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The National Wind Technology Center in Colorado is one of the world's leading clean energy research facilities. Watch this video to take a tour of a wind turbine at the center. | Video produced by Simon Edelman with footage from National Renewable Energy Laboratory.

U.S. Department of Energy

The National Wind Technology Center (NWTC), located at the base of the foothills just south of Boulder, Colorado, is the nation's premier wind energy technology research facility. Since the earliest days of wind energy, the center has provided an ideal environment for the research and development of advanced technologies.

As wind power grows to meet an ever-increasing portion of our nation's energy needs, researchers at NWTC and the National Renewable Energy Laboratory (NREL) are working with industry partners to develop and deploy new technologies to support it. Here are just a few examples.

Better Gearboxes Make Better Wind Turbines

Premature failures of gearboxes, the mechanical equipment in a wind turbine that increases rotational speeds necessary for generators to produce electricity, can impact the cost of wind turbine operations. Thanks to research at the NWTC gearboxes are more reliable than ever.

NREL engineers stand in front of the new 5-megawatt (MW) Dynamometer Test Facility, a tool to test drivetrain designs. | Photo by Dennis Schroeder, NREL. 

NREL's 5-megawatt (MW) Dynamometer Test Facility allows NWTC engineers and their industry partners to verify the performance and reliability of wind turbine drivetrain prototypes and commercial machines. The dynamometer system replicates the rotor and blades of a wind turbine. The researchers can then control the turbine drivetrain's mechanical and electrical systems while simulating normal and extreme operating conditions.

Conducting these tests before deployment is important because unanticipated failures can be detected and corrected early in the development process, leading to a lower cost of ownership for wind farm operators—and ultimately lower-cost wind energy for utility customers. 

Another step toward improved gearbox performance is the work being done by the Gearbox Reliability Collaborative (GRC). The GRC applies a multi-pronged approach, combining analysis, field and laboratory testing, condition monitoring, and the development of a failure database, in its efforts to tackle this significant challenge for the wind industry.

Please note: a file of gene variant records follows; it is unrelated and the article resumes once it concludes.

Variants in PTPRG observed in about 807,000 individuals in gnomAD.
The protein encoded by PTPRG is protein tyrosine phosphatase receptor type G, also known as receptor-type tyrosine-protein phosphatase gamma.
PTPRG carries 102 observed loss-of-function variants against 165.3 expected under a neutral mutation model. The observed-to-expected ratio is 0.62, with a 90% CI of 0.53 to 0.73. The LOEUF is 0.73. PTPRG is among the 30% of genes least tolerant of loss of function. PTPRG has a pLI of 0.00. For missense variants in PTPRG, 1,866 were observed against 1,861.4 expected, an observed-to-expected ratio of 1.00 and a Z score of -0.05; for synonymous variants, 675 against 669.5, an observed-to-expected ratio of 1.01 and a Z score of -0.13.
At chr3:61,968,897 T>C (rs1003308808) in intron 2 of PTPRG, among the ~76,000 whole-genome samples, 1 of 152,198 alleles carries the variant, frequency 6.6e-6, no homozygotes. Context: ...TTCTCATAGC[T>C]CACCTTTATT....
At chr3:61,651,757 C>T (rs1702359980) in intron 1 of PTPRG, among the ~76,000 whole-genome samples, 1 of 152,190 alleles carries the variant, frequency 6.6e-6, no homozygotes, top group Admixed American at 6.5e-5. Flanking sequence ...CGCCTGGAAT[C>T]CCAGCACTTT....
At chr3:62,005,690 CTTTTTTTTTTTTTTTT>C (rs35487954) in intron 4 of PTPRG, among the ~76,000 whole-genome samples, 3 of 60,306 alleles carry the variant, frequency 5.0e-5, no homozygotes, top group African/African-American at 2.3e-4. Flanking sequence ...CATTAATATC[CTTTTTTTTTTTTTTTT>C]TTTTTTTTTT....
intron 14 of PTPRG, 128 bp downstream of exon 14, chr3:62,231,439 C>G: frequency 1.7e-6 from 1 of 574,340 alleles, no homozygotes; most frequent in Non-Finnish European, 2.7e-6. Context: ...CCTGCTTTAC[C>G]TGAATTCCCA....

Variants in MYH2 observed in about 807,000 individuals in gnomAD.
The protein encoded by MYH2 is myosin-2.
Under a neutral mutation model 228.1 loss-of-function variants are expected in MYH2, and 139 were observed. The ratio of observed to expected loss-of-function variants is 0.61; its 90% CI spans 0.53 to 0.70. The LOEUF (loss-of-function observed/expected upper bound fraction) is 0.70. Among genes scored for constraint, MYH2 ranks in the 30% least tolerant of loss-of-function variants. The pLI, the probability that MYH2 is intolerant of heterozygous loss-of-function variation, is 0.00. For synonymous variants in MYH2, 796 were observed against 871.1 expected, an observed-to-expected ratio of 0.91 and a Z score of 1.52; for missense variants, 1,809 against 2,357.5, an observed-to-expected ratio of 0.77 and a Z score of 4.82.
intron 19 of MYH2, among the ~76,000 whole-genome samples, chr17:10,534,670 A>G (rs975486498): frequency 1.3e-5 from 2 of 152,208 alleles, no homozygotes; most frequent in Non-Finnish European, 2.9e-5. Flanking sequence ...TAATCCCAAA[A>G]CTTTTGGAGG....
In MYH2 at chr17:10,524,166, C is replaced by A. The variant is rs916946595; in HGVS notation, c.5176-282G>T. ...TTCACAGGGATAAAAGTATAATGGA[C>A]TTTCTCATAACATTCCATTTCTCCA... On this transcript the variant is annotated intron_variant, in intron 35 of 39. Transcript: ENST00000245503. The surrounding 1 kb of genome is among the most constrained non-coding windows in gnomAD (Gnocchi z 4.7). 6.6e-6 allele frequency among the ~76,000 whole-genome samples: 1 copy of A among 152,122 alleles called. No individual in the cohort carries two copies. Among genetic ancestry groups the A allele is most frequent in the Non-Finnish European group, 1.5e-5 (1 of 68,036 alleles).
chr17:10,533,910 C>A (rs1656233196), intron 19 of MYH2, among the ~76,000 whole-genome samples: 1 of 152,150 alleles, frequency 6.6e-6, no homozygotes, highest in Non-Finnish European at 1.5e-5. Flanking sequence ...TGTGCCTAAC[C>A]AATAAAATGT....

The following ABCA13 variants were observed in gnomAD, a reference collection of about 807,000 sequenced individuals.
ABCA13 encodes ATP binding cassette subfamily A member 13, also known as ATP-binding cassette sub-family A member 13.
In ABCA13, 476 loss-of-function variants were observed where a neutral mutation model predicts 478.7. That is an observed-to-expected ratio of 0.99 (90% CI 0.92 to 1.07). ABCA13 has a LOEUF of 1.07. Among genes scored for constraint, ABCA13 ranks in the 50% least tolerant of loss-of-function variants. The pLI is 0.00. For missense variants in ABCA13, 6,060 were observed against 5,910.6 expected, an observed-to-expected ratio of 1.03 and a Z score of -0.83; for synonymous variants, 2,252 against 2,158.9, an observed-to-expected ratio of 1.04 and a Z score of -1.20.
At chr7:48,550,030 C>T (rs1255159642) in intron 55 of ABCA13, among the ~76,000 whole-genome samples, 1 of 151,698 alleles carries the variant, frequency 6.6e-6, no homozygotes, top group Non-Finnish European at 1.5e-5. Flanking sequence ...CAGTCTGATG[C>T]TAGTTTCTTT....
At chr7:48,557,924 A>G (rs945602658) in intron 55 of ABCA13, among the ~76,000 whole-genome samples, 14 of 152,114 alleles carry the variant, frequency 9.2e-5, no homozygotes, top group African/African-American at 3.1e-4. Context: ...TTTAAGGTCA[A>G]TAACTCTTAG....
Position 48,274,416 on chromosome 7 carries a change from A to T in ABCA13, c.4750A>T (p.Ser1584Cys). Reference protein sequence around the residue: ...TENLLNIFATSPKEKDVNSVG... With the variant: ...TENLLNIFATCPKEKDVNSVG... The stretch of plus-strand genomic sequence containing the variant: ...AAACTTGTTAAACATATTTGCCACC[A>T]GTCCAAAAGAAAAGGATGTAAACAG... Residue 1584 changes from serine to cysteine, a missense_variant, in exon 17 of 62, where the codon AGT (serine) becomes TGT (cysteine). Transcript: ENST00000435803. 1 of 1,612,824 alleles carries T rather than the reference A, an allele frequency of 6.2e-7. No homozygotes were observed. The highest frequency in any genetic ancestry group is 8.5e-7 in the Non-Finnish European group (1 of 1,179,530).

NWTC engineers and their GRC industry partners have been able to identify shortcomings in the design, testing, and operation of wind turbines that contribute to reduced gearbox reliability. GRC findings are quickly shared among participants, including wind turbine manufacturers and equipment suppliers. Ultimately, the findings are made public for use throughout the industry. This knowledge is already resulting in increased gearbox reliability and an overall reduction in the cost of wind energy.

Modeling a Smarter Wind Farm

Improving the ways wind turbines interact with their surroundings and with one another can help boost the performance of wind farms. NREL’s-first-of-its kind software tool called Simulator for Wind Farm Applications (SOWFA) allows users to investigate the effects of weather patterns, turbulence, and complex terrain on individual wind turbines and entire wind plants.


NREL engineers review velocity (blue) and turbulence (yellow) in a simulation of the Lillgrund Wind Farm in Denmark. | Photo by Dennis Schroeder, NREL. 

SOWFA -- an open-source and free platform -- simulates fluid dynamics on scales from regional weather to turbine wakes, and the impacts of these dynamics on turbine structural and system response. SOWFA also lets users simulate, through a central super-controller, coordinated multi-turbine control of wind plants.

Its improved look at the physics of wind energy helps wind developers better understand how their turbines interact with local weather conditions and with one another, a key contributor to the performance, efficiency, and cost of wind energy.

A Bright Future for Wind Energy

All of this testing can help foster the technological developments necessary for wider deployment of wind energy in the marketplace at the lowest cost possible. New wind turbines that are able to efficiently generate electricity -- no matter where they are located and what the wind speeds are -- will allow greater deployment of wind energy in more areas across the United States. This work is funded by the Energy Department’s Wind Energy Technologies Office

This post was provided by National Renewable Energy Laboratory, one of the Energy Department’s 17 National Labs.

David Glickson
David Glickson works on the Communications and Public Affairs team at the National Renewable Energy Laboratory (NREL).
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